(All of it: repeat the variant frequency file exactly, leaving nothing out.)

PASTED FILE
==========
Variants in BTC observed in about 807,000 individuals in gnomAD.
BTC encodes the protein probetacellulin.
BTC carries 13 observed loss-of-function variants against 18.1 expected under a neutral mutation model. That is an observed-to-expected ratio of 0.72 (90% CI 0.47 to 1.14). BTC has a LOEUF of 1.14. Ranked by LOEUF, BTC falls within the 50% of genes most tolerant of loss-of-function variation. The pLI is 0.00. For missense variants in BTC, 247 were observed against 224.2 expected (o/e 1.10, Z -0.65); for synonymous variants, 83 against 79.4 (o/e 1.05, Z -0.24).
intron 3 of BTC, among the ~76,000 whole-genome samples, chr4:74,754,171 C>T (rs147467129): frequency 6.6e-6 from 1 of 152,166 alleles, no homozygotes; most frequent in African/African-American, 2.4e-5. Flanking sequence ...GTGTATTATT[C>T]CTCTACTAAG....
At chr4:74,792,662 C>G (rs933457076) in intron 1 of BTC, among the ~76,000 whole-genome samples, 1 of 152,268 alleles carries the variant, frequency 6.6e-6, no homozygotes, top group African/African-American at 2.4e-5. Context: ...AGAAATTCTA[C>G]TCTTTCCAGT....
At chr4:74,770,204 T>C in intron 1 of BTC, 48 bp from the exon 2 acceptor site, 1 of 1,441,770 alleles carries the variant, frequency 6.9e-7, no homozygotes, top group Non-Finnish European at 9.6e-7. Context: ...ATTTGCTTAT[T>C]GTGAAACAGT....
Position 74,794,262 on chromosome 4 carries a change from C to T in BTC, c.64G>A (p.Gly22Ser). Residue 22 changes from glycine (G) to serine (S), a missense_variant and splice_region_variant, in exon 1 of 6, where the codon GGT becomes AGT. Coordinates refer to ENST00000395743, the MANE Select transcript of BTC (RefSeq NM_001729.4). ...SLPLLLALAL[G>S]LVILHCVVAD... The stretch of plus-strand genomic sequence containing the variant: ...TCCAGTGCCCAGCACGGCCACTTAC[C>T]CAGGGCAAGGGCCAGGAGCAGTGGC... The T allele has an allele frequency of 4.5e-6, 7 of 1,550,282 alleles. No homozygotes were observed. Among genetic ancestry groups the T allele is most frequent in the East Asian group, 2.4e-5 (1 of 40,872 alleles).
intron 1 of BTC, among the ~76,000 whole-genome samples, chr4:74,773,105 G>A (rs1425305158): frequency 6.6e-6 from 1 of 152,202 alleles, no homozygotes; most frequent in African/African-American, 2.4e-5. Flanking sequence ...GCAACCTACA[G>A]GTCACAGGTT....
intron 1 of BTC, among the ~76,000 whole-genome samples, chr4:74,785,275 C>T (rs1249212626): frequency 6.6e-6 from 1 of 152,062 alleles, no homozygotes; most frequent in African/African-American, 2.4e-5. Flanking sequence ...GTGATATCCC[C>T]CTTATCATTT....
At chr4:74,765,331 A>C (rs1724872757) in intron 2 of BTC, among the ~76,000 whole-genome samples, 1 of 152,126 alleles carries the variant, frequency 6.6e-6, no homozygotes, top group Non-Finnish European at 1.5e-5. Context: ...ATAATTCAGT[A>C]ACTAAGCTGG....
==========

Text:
Variants in BTC observed in about 807,000 individuals in gnomAD.
BTC encodes the protein probetacellulin.
BTC carries 13 observed loss-of-function variants against 18.1 expected under a neutral mutation model. That is an observed-to-expected ratio of 0.72 (90% CI 0.47 to 1.14). BTC has a LOEUF of 1.14. Ranked by LOEUF, BTC falls within the 50% of genes most tolerant of loss-of-function variation. The pLI is 0.00. For missense variants in BTC, 247 were observed against 224.2 expected (o/e 1.10, Z -0.65); for synonymous variants, 83 against 79.4 (o/e 1.05, Z -0.24).
intron 3 of BTC, among the ~76,000 whole-genome samples, chr4:74,754,171 C>T (rs147467129): frequency 6.6e-6 from 1 of 152,166 alleles, no homozygotes; most frequent in African/African-American, 2.4e-5. Flanking sequence ...GTGTATTATT[C>T]CTCTACTAAG....
At chr4:74,792,662 C>G (rs933457076) in intron 1 of BTC, among the ~76,000 whole-genome samples, 1 of 152,268 alleles carries the variant, frequency 6.6e-6, no homozygotes, top group African/African-American at 2.4e-5. Context: ...AGAAATTCTA[C>G]TCTTTCCAGT....
At chr4:74,770,204 T>C in intron 1 of BTC, 48 bp from the exon 2 acceptor site, 1 of 1,441,770 alleles carries the variant, frequency 6.9e-7, no homozygotes, top group Non-Finnish European at 9.6e-7. Context: ...ATTTGCTTAT[T>C]GTGAAACAGT....
Position 74,794,262 on chromosome 4 carries a change from C to T in BTC, c.64G>A (p.Gly22Ser). Residue 22 changes from glycine (G) to serine (S), a missense_variant and splice_region_variant, in exon 1 of 6, where the codon GGT becomes AGT. Coordinates refer to ENST00000395743, the MANE Select transcript of BTC (RefSeq NM_001729.4). ...SLPLLLALAL[G>S]LVILHCVVAD... The stretch of plus-strand genomic sequence containing the variant: ...TCCAGTGCCCAGCACGGCCACTTAC[C>T]CAGGGCAAGGGCCAGGAGCAGTGGC... The T allele has an allele frequency of 4.5e-6, 7 of 1,550,282 alleles. No homozygotes were observed. Among genetic ancestry groups the T allele is most frequent in the East Asian group, 2.4e-5 (1 of 40,872 alleles).
intron 1 of BTC, among the ~76,000 whole-genome samples, chr4:74,773,105 G>A (rs1425305158): frequency 6.6e-6 from 1 of 152,202 alleles, no homozygotes; most frequent in African/African-American, 2.4e-5. Flanking sequence ...GCAACCTACA[G>A]GTCACAGGTT....
intron 1 of BTC, among the ~76,000 whole-genome samples, chr4:74,785,275 C>T (rs1249212626): frequency 6.6e-6 from 1 of 152,062 alleles, no homozygotes; most frequent in African/African-American, 2.4e-5. Flanking sequence ...GTGATATCCC[C>T]CTTATCATTT....
At chr4:74,765,331 A>C (rs1724872757) in intron 2 of BTC, among the ~76,000 whole-genome samples, 1 of 152,126 alleles carries the variant, frequency 6.6e-6, no homozygotes, top group Non-Finnish European at 1.5e-5. Context: ...ATAATTCAGT[A>C]ACTAAGCTGG....